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Expanding the horizon

First a gift in the way of a YouTube video of the trip to Rock Shelter Trail…

Now, I have to tell you that this winter has given me time to pause and think about the direction of my life in coming years.  Something inside me awakened at the realization of 50 years of time on this blue and green marble, and I resolved to take care of some unfinished business, in the order of getting off my lazy butt, stop making excuses for getting into nature which I have loved since childhood but only sporadically indulged in as I raised my family.

Why did I do that?  I ask myself to no good answer.

I started getting back into it several years ago when I rediscovered the joy of riding bikes, and from then to now I’ve also discovered that I’m no speed demon, I prefer scenic paths, and biking isn’t just recreation for me.  All biking is transportation, and seeing that it is for getting me where I want to go, I figure that I’ll be doing my share of bike camping and combination bike-‘n-hikes.  I’ll find a way to strap my Kelty Trekker 65 pack to a B.O.B trailer and hit the greenways that lead to the hiking trails.

All of this is in anticipation of an upcoming Appalachian Trail thru-hike-most likely in 2020.  Gotta get my legs underneath me, and that will happen as opportunity presents itself.

Where does that leave gramtrails.com?  You’ll be seeing a lot more blogging from me, a lot more products for your viewing pleasure.  My main goal here is still to give you some green space to fill your screen space when you have to exercise indoors for whatever reason.  You can live vicariously through my son Aaron and I as we film our adventures.  Or you can use our videos to help pass the time and occupy your brain while exercising in an otherwise boring setting.

Mostly, we want you to be a part of our adventures.  Let us know what you’d like to see.  Tell us if we’re doing it right or wrong.  Ask about the products we’re using.  And get out there yourself as much as you can.  We live on a beautiful planet, and the wonders begin where the street ends!


Green running

Screen Shot 2016-01-17 at 9.35.31 PMIt was brutally cold today, but somewhat sunny.  I was the only person working in my building today, since it’s the MLK Jr. holiday and my co-workers are mostly military and state employees – they get it off, I don’t.  I went to the gym after I put my time in, and since it is Monday I hopped on the treadmill.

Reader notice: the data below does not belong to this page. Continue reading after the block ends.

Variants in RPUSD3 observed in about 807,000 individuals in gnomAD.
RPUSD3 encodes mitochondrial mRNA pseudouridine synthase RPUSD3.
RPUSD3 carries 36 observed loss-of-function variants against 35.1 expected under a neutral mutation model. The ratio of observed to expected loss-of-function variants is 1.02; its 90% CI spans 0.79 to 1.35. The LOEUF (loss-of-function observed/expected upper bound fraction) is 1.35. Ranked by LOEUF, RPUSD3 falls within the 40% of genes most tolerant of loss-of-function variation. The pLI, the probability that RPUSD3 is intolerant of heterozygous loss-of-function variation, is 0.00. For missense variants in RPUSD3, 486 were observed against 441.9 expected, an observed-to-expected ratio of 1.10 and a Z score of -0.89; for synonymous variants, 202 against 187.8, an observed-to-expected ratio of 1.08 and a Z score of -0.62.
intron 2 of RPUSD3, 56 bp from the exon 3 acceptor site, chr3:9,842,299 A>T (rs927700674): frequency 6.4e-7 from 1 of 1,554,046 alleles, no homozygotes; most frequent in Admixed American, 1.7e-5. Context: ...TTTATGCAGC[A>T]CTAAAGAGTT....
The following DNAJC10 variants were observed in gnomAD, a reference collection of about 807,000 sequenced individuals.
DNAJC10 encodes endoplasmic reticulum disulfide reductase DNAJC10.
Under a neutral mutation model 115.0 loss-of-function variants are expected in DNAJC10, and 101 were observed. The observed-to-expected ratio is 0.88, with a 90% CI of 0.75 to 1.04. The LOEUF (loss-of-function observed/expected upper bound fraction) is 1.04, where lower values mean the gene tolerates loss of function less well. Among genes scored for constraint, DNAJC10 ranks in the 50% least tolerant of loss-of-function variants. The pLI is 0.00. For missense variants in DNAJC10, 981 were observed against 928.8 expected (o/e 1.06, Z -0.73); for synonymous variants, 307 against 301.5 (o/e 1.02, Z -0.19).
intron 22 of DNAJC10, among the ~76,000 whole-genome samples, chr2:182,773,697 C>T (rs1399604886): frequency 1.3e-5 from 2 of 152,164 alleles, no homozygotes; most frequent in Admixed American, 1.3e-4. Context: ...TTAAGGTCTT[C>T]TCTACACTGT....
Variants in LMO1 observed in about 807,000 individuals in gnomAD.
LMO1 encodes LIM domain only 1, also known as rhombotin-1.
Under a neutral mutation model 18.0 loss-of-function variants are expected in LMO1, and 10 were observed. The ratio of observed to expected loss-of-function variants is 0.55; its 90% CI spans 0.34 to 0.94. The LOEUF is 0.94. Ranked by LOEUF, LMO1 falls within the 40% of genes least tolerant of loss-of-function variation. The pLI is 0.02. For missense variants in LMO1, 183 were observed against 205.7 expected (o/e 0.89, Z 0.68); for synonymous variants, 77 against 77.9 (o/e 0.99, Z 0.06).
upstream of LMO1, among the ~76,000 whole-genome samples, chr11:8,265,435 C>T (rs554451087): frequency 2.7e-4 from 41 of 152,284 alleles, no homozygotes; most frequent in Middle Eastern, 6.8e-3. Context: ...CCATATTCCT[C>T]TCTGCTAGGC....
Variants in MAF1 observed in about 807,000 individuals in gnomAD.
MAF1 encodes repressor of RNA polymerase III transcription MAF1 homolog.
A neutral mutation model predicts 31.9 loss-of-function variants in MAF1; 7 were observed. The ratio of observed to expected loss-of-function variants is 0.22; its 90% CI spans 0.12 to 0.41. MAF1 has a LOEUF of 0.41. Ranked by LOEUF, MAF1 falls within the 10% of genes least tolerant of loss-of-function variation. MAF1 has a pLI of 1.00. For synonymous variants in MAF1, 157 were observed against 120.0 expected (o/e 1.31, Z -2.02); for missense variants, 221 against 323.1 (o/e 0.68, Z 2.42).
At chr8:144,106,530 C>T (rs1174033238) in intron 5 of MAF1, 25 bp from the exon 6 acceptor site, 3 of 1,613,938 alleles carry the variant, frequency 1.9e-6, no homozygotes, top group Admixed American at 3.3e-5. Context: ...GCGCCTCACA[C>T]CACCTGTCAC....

Instead of swiping over to iTunes radio for my normal blood-pumping tune mix, I decided to pull up YouTube and load the Dahlgren Railroad Heritage Trail that I recently uploaded there for free.

Yep, the whole trail for free.

Since I’ve been working out regularly for about a month, and have a pretty good baseline, I wanted to put some Shinrin Yoku to the test.  I don’t have a fancy EEG but my t-mill does have a heart rate monitor.  Want to know my results?

I normally run a 5k, which takes me about half an hour, and then cool down after reaching a max heart rate of around 150.  I walk it off until my HR drops under 110.

Today after loading the video and putting the screen up at eye level so I could focus on it, I was nearly instantly fixated on the trail.  Not only did the time fly by, but I was still energized when I reached the 5k mark, and kept going until I hit 5 miles!  Something I didn’t expect was how quickly my HR dropped under 110 and then under 100 during recovery.  I was still watching the screen as I cooled down.

I trusted the science since I first read about it in 2013, but putting it to the test in the real world, and seeing (and feeling) it working, was something to experience.

Green exercise works, even if you’re getting it from a screen.

So when the weather warms up again and the buds start to burst, I’ll be out there in nature doing my thing instead of pounding a treadmill.  But until then, I’m loading trails…

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C&O Canal Towpath

COTPI had forgotten how beautiful is the C&O Canal Towpath until today, when I went in to stabilize it with MTVS.

Recorded at the peak of this past summer, I left the camera running after recording the entire length of the Western Maryland Rail Trail, since the C&O parallels it, and my one standout thought from that ride was that I need to come back in Autumn with half of the leaves off of the trees to better enjoy the mountain vistas and views of the Potomac. Looking back at the footage today, I’m in awe of the simple beauty.

I didn’t think, originally, that there would be enough stable footage for a full length video. I was wrong. Perhaps I’ll post a short highlight video to my YouTube channel, where I’ve got some free trails up.